Plumb Need You Now. A return to original form sees Tiffany Arbuckle Lungs exercising her Florence on some soaring melodies.

Label: Curb
Time: 13 Tracks / 50 minutes

Right from the start, this release brings to mind Plumb’s striking Candycoatedwaterdrops début, as the opening distorted guitar line from “Invisible” suddenly cuts to a clean version with space all round it, followed by some treated vocals and a hook strong enough to hang an elephant on.

It is a reminder how much impact producer Matt Bronleewe has had on her sound, with his lush, symphonic soundscapes. The drum sound on “Drifting” – a duet with Jars of Clay’s Dan Haseltine – and the huge, desperate choruses in songs like the title track, “I Want You Here” and “Say Your Name” could also have  been snatched from that first release.

Several songs on this collection suggest pictures of Tiffany Arbuckle Lee standing on a mountain, like some anguished 21st century Julie Andrews:  shoulders back, arms outstretched and head upward, crying out to the sky as she sings. Her voice simply has that sense of scale.

But a personal crisis was flying fast and low around the mountain, like some jet fighter on a training  exercise. “I’ve got issues, that’s for sure,” she sings, describing herself as a wild thing in “Cage.” Most of the disc was written before what she refers to as her “dark winter,” but it could have been written from the middle of it. Lyrics like “If I ever needed you, I need you now,” were her heart-cry during that now-thawed season.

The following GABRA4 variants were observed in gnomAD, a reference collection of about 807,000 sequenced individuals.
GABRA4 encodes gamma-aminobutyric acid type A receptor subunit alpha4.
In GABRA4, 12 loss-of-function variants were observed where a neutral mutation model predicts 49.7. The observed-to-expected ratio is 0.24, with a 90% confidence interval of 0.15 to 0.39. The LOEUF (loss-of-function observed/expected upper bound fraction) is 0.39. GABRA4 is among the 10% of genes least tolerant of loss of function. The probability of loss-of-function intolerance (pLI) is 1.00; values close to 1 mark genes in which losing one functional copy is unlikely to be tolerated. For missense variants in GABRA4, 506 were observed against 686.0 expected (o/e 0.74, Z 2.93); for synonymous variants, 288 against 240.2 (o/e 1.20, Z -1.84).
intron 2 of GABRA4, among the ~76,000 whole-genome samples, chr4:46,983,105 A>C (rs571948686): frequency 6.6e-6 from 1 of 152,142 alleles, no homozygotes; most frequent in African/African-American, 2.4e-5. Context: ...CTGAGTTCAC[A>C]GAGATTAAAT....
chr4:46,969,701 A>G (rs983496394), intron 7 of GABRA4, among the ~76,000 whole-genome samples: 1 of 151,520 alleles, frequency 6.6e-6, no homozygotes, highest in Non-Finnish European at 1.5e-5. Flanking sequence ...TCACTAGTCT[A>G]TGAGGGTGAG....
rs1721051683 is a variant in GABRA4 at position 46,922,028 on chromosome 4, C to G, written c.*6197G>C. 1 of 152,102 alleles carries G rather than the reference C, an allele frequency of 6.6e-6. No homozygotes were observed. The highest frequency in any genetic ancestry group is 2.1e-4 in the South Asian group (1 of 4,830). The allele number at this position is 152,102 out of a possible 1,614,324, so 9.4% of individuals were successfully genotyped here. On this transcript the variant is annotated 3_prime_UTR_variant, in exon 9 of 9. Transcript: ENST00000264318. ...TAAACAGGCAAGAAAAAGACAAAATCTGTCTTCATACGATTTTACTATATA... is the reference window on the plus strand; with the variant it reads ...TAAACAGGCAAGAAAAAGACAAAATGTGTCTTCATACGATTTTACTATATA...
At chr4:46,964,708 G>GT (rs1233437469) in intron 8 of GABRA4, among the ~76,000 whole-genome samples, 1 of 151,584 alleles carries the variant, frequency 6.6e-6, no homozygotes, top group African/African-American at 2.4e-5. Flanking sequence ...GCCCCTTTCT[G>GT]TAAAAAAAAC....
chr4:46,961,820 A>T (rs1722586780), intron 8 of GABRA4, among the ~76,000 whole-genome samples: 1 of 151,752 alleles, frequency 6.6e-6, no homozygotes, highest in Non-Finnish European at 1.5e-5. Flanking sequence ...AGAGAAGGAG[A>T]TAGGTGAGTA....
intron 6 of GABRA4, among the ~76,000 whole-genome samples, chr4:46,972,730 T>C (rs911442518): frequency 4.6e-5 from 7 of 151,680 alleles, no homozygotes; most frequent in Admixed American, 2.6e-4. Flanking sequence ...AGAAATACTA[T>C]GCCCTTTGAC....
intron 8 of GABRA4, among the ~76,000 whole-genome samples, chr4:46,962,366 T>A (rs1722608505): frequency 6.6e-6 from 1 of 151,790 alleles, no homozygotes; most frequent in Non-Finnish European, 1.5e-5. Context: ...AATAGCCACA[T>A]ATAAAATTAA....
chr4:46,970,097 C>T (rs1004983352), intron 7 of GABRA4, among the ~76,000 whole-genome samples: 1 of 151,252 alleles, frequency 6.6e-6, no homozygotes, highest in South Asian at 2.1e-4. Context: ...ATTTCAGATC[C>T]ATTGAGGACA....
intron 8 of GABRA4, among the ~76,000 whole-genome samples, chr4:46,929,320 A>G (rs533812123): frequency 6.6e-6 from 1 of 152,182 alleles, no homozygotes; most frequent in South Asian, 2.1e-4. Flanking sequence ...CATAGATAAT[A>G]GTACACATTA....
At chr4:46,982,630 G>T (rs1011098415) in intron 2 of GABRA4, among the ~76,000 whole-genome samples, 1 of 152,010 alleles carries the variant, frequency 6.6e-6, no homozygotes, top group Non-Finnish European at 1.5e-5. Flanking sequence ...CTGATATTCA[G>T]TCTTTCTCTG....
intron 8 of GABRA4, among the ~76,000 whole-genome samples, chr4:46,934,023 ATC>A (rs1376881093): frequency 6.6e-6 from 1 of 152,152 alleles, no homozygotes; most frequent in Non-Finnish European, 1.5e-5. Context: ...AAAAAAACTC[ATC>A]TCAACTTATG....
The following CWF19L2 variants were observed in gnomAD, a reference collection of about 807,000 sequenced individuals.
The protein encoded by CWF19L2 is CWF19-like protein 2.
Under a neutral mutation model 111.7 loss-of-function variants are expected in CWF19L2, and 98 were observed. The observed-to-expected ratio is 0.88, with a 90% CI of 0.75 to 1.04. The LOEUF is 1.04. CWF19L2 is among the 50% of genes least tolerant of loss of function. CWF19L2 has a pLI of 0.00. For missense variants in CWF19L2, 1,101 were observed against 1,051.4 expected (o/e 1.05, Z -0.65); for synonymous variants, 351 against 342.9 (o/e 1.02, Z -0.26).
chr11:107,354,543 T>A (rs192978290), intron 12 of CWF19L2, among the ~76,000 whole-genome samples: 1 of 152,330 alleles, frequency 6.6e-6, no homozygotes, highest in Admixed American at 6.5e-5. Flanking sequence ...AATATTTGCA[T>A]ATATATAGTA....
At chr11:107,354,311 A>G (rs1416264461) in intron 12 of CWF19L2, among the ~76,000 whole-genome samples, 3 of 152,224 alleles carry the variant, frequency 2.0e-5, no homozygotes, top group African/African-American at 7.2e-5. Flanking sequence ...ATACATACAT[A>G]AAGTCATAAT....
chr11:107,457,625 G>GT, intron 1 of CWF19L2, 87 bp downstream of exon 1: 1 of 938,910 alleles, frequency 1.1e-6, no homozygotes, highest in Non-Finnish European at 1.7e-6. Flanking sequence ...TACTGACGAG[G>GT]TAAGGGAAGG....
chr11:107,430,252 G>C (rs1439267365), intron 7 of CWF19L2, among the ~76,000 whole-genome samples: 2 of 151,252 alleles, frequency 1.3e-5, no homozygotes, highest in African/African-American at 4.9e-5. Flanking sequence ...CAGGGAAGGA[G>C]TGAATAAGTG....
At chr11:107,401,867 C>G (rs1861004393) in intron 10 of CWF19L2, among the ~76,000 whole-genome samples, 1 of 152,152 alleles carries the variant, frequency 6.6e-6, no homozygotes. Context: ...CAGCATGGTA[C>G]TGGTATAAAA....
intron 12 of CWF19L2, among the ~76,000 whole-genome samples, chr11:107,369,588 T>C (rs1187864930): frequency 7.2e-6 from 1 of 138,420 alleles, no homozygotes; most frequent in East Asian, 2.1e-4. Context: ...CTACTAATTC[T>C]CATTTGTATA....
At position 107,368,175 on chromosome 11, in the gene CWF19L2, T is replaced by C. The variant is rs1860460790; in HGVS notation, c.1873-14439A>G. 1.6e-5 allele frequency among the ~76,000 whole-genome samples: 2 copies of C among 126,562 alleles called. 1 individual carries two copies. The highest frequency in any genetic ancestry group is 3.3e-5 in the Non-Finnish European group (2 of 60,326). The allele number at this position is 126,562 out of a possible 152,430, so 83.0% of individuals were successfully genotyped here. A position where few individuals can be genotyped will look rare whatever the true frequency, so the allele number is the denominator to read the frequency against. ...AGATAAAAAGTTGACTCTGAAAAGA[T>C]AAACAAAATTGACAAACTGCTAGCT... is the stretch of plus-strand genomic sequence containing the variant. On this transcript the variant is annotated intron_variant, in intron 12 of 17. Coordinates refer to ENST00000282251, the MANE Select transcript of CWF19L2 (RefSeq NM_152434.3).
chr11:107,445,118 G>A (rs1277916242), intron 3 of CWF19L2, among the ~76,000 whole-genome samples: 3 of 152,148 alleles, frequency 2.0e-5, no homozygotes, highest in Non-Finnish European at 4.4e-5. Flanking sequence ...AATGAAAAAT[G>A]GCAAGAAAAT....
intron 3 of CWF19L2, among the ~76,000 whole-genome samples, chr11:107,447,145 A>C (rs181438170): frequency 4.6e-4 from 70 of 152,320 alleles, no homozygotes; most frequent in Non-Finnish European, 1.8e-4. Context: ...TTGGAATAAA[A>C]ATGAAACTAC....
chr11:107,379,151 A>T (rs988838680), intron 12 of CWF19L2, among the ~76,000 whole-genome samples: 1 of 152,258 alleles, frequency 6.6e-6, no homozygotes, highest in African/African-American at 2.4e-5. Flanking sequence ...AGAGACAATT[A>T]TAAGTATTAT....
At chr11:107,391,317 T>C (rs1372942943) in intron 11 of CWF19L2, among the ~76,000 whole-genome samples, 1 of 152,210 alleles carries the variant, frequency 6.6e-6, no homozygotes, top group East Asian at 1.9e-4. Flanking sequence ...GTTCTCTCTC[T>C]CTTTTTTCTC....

Plumb revisits some familiar personal themes: there’s much about dealing with pain and, with a natural and memorable melody, “Unloveable” talks about how Christians can shut out people whom Jesus would have loved. But there are also pieces that celebrate love and deeply appreciate her son.

By contrast with her belted-out tracks, the mandolin-tinged “One Drop” and “Chocolate and Ice Cream” are lightweight enough for daytime radio and the latter borders on irritating, but maybe the collection needs these fluffy alternatives to give more power the rest by contrast.

There are a couple of beautiful bridges between the two styles: “I Don’t Deserve You,” the song for her son, has the usual gravitas, but a milder vocal; while “At Arm’s Length” plays the disc out with a treated, breathy vocal and mellow mood.

There may be little new here, but – colourful and powerful as ever – this work is among Lee’s best.

Derek Walker

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